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Policymakers are the first to point out the gross deficiencies in education. Certainly, standards have been mediocre, classes have been grossly overcrowded, test scores have been dismal, and accountability has been absent in the most critical areas of the educational process. Contrary to what bureaucrats might insist, a simple tweaking of education policy will not suffice. The system of old will not produce any lasting achievements if it assumes that a quick solution is imminent, nor if it underestimates the groundwork that must be laid.

Money, alone, is not the answer. We have poured billions of dollars into a system that seeks unlimited funding, but undefined goals. Little consideration has been given to achieving tangible results. If government subsidies neglect targeted objectives, then we must have the courage to reallocate that money to more effective initiatives. Innovative ideas are not being implemented, but they should be. Our schools certainly require increased levels of funding, but we can equally consider how to more responsibly and effectively allocate existing levels of funding.

Sweeping education reform must be obtained. Our communities require a new direction in order to energize the educational process. And it starts with an underlying pledge - Putting Kids First.

We need to develop our future leaders of the free world. How can we do so with overcrowded classrooms that neglect the importance of individual attention?

We need to motivate our youth to explore their creative thinking skills. How can we do so without having a motivated teacher in every classroom?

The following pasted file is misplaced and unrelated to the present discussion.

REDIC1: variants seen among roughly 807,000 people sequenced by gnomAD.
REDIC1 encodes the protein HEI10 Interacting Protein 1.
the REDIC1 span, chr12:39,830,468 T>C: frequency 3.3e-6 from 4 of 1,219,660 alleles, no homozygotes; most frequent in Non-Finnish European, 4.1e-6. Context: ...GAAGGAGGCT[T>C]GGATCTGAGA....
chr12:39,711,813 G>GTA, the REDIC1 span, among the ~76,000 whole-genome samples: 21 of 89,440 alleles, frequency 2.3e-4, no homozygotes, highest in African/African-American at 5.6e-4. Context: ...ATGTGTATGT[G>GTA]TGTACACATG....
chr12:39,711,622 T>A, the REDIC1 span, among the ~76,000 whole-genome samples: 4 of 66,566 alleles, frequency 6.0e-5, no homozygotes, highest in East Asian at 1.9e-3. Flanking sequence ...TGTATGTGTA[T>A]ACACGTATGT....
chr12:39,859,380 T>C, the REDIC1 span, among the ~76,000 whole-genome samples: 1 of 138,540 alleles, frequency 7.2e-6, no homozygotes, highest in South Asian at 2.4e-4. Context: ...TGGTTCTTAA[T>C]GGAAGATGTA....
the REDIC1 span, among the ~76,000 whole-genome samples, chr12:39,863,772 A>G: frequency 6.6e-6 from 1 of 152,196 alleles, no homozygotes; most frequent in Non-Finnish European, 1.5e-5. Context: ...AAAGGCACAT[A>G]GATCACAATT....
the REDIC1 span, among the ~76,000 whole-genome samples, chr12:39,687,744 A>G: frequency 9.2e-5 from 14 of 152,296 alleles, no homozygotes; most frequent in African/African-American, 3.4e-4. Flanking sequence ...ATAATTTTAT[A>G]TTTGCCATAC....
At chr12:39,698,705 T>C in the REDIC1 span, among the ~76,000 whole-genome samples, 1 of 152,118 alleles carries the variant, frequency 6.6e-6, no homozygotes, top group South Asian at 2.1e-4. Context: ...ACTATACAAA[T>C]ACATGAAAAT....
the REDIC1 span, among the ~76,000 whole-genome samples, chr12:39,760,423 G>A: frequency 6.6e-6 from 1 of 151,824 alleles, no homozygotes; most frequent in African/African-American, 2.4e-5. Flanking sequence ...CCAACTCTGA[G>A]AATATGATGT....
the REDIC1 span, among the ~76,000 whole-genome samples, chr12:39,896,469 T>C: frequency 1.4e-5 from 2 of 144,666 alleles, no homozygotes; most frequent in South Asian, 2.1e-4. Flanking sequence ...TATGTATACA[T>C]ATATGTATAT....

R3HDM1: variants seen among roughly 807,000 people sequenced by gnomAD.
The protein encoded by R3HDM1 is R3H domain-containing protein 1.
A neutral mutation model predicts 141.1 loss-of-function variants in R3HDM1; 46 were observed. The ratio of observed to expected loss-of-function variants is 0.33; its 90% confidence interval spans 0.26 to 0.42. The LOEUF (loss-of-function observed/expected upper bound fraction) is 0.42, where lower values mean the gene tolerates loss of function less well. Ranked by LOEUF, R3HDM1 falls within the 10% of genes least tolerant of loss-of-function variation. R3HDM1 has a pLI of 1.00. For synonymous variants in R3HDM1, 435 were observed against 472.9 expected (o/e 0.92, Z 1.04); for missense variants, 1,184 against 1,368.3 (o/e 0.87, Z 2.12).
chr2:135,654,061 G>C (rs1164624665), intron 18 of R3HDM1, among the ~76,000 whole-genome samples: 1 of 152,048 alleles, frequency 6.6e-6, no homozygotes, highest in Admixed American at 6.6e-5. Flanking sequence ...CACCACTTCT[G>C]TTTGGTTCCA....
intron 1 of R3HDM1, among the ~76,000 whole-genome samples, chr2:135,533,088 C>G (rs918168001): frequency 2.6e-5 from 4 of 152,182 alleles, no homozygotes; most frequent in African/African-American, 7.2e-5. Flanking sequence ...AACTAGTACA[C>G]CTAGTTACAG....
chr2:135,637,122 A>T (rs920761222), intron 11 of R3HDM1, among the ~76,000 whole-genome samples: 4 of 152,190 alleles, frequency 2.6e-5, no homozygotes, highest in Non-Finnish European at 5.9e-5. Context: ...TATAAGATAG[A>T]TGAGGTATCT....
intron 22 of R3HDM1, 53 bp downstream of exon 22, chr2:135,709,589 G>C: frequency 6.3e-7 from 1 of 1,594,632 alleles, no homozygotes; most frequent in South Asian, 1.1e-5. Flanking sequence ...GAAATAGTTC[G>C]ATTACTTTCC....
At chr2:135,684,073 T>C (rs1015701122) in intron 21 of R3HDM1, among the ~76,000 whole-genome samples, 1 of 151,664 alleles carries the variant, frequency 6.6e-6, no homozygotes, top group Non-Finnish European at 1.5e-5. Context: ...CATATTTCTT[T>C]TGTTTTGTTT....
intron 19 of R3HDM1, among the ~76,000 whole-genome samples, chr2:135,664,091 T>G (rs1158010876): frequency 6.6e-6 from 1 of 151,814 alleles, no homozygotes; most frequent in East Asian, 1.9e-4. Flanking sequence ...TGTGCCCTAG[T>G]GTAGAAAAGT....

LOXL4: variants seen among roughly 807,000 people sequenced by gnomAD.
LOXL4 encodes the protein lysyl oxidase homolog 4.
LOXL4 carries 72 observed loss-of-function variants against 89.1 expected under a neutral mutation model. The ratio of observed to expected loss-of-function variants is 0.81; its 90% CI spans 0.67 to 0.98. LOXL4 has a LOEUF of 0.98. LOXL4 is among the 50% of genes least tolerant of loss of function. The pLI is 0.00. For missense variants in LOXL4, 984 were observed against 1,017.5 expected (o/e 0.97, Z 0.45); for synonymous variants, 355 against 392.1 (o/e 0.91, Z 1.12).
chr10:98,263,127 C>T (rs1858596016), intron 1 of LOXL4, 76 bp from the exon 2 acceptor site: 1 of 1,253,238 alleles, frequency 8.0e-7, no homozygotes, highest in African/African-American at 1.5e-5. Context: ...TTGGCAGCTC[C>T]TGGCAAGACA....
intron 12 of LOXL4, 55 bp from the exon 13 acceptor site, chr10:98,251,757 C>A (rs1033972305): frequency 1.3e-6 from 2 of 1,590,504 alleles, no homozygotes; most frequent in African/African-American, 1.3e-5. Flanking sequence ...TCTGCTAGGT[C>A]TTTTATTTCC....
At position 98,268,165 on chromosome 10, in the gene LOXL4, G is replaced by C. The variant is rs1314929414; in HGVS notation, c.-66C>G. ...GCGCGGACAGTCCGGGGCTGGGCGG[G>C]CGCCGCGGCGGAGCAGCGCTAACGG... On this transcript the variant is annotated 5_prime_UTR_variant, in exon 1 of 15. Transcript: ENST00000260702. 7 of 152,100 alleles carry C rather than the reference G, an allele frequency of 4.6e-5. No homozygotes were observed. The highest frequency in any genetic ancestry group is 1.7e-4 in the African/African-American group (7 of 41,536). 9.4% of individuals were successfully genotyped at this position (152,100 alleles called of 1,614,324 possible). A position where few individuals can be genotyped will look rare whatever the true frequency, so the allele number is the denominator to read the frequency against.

We need to ensure that our children receive ample resources. How can we do so with dysfunctional school districts and grossly mismanaged budgets?

We need to cultivate a learning process that recognizes progress among our kids. How can we do so with a teacher compensation program that ignores classroom success rates?

The time has come for bureaucrats to step aside from the centralized chaos that they created. Leadership in education must now include a collective voice from our communities. Accountability has become a popular buzzword. But rhetoric is not enough. In order to demonstrate more accountability, we must create a stronger sense of educational ownership. Administrators, teachers, parents and students need to feel that the decisions of today lie in their hands.

We can empower our local communities by creating smaller neighborhood school districts. When important budgetary decisions are addressed by more efficient school districts, then our individual schools can receive the financial attention that they so richly deserve. It is unreasonable to presume that schools from Santa Monica to Oxnard confront the same daily challenges, nor is it sensible to allocate one bloated budget for 20 individual schools just because they happen to be contiguous to one another. The greatest service government can bestow in education is to allow local school districts to determine the needs of their students and how to best satisfy those needs.

Decentralizing the educational system is only part of the equation. We must create an educational environment that rewards quality teachers and provides economic incentives for talented prospects to join this profession. We have some brilliant educators in the Golden State, and they must be praised and rewarded accordingly. We can perpetuate the positive attributes of these teachers by placing greater economic priority on future educators as well. Our University of California and California State University systems require more ways to entice college students to pursue careers in education. Just as business majors have surged with financial benefits, so too can we build a more welcoming vocation in education.

Teachers are the backbone of our system's future. Let us always be willing to invest in their growth, just as they are willing to invest in the growth of our children.

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You can reach Michael Wissot by contacting SymAction Communications